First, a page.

SCOTTISH businesses are less likely than firms in other parts of the UK to have put in place many critical data security policies and procedures, according to a new survey.

The information from Shred-it’s eighth annual State of the Industry Report, says Scottish businesses were less likely than businesses in other regions to have a general information security policy, with 36 percent having no information security policy in place at all.

This is a higher proportion than London at 17 percent, Wales at 19 percent, the South on 24 percent, the North on 29 percent and the Midlands on 34 percent.

Scottish businesses are the least likely, by some margin, to have a policy requiring employees to report an information security issue.

Two-thirds of Scottish businesses admit to having no policy at all, compared to around half in the rest of the UK.

In addition, nearly half of Scottish companies admitted that they had no data security protocols in place for employees working off-site, far more than in any other region.

Just a quarter of London-based firm had this failing, while the North, the Midlands, and the south saw a third of firms failing here, and Wales saw two fifths failing.

Scottish businesses also ranked worse in terms of data security practices in the two areas.

The first was having a known and understood policy on storing and disposing of confidential information – nearly half of Scottish businesses say they do not have one at all.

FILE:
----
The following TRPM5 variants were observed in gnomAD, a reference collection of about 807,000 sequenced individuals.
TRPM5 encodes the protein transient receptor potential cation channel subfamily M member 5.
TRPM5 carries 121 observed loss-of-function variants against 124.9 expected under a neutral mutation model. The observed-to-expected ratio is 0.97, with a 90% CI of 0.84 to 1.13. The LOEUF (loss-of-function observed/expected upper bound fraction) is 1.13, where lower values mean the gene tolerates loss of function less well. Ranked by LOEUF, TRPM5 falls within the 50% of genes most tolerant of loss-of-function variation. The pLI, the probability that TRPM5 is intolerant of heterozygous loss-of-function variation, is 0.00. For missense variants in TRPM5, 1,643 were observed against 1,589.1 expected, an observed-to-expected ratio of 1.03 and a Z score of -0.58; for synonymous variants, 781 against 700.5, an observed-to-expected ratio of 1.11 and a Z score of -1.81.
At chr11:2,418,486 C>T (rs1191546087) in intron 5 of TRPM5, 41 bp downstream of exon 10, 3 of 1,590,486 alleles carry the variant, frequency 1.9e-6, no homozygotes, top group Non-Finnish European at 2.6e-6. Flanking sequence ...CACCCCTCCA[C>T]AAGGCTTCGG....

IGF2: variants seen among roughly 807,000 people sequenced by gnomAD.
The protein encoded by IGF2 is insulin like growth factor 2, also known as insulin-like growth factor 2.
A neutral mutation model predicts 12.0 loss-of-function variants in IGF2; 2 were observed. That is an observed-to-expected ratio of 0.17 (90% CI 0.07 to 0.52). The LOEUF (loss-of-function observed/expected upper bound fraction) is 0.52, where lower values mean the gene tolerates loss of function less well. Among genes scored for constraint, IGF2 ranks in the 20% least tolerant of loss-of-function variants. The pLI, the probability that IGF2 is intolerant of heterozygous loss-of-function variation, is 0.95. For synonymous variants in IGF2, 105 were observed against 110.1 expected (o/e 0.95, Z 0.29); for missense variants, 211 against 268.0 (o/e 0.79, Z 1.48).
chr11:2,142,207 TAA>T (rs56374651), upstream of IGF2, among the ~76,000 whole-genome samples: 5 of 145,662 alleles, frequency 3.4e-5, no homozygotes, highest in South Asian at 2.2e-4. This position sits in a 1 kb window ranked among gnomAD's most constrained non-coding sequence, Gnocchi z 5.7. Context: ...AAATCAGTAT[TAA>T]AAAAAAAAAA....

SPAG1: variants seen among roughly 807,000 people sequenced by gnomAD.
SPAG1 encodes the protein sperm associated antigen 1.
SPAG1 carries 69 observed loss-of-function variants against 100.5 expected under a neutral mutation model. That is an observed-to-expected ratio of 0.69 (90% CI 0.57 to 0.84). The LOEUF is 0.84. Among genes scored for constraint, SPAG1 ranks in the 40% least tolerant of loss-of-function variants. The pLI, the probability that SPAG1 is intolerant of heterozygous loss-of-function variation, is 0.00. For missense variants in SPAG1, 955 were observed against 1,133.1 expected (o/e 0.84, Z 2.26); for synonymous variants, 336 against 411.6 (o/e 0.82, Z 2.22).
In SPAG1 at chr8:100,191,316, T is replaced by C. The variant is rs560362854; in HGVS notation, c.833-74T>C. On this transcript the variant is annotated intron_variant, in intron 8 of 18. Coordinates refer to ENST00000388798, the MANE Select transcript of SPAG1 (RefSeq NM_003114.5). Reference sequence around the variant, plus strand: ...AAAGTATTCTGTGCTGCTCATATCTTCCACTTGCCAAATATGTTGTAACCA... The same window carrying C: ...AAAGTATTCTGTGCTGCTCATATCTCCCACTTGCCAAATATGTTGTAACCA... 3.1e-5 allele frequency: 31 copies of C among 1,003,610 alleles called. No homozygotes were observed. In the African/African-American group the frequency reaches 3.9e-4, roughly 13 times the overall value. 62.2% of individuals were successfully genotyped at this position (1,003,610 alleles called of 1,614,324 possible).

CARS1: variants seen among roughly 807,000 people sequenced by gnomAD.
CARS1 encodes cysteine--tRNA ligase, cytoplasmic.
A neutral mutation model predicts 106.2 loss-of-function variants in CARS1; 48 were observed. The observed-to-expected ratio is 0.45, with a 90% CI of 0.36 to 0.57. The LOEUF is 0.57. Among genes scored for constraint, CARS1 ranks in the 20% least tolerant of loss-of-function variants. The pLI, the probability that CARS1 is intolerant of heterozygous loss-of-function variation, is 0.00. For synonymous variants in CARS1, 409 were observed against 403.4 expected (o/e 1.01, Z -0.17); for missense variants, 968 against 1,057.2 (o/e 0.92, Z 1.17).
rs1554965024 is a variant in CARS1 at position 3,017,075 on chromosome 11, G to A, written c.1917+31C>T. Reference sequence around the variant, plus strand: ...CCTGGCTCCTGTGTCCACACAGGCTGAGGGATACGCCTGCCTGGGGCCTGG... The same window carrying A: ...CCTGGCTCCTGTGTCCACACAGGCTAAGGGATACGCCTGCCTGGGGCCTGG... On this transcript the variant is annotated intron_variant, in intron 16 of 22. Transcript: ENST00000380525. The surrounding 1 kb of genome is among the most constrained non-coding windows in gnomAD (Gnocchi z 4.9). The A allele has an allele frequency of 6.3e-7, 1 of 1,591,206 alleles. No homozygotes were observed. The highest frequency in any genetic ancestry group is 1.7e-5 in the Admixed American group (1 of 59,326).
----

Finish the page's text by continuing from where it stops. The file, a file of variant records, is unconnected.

The second was training staff on information security procedures – a third of Scottish firms say they have never trained their staff in this area

The annual study exposes information and data security risks currently threatening UK enterprises and small businesses and includes survey findings from the Shred-it Security Tracker.

Ipsos conducted a quantitative online survey of three distinct sample groups in the UK – 1,000 small business owners, over 100 executives of large organisations. and more than 1,100 consumers/employees.

The study also shows nearly a third of UK companies that have suffered a data breach have terminated an employee’s contract for related negligence.

Neil Percy, vice-president market development and integration at Shred-it, said: “It might feel like rough justice for employees to be held to account when training is not comprehensive

“But it reflects how difficult this process is, even for businesses with extensive resources.

“There may also be an assumption that some elements are common sense.

“But that potentially belies how easy it is to be duped by skilled phishers and hackers, or even to lose confidential info during the course of a busy day. Mindfulness is key and training helps.”

“The lack of ubiquitous training on the EU’s General Data Protection Regulation (GDPR), for example, suggests that a large proportion of the British workforce is not appropriately trained for the kinds of safeguards necessary under GDPR.”

Around half the larger firms surveyed reported employees have lost company mobile phones and company laptops while working off-site. Three quarters of the big firms had policies for storing and disposing of sensitive data for staff off-site, but more than half of small firm bosses said they do not have a policy in place at all.

Fieldwork for the study was done from April 9 to April 23, 2018.